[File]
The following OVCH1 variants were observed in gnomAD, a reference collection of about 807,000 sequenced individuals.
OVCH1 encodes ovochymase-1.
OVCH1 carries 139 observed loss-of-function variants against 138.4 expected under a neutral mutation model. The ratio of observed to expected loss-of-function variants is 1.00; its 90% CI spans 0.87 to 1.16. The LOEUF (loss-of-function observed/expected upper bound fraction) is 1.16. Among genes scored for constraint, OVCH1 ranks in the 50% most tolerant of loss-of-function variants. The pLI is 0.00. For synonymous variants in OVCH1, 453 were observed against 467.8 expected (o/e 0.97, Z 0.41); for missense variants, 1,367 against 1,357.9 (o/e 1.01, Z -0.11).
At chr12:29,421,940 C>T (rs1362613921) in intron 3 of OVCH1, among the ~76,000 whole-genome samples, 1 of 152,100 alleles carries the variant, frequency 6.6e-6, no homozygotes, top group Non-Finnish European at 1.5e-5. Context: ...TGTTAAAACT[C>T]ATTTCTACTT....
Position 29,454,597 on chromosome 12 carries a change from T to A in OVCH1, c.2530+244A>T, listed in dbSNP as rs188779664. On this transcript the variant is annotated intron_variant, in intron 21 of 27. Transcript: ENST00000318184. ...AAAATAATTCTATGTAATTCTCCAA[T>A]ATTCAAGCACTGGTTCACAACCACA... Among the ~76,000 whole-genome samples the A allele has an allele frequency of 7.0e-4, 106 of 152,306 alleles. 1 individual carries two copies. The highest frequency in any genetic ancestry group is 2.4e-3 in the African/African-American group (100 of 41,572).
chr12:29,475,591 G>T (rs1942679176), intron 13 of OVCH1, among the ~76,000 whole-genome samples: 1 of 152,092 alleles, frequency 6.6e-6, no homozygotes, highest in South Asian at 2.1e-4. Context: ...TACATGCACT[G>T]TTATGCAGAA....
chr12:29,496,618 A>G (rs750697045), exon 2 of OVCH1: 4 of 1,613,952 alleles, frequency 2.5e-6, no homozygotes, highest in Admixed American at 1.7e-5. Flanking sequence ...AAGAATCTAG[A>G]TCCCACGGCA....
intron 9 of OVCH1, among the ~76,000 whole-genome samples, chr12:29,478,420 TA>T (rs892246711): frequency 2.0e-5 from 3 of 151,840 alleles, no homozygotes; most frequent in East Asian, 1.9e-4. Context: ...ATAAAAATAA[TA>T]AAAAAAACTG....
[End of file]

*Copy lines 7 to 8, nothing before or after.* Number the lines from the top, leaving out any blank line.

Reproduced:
chr12:29,496,618 A>G (rs750697045), exon 2 of OVCH1: 4 of 1,613,952 alleles, frequency 2.5e-6, no homozygotes, highest in Admixed American at 1.7e-5. Flanking sequence ...AAGAATCTAG[A>G]TCCCACGGCA....
intron 9 of OVCH1, among the ~76,000 whole-genome samples, chr12:29,478,420 TA>T (rs892246711): frequency 2.0e-5 from 3 of 151,840 alleles, no homozygotes; most frequent in East Asian, 1.9e-4. Context: ...ATAAAAATAA[TA>T]AAAAAAACTG....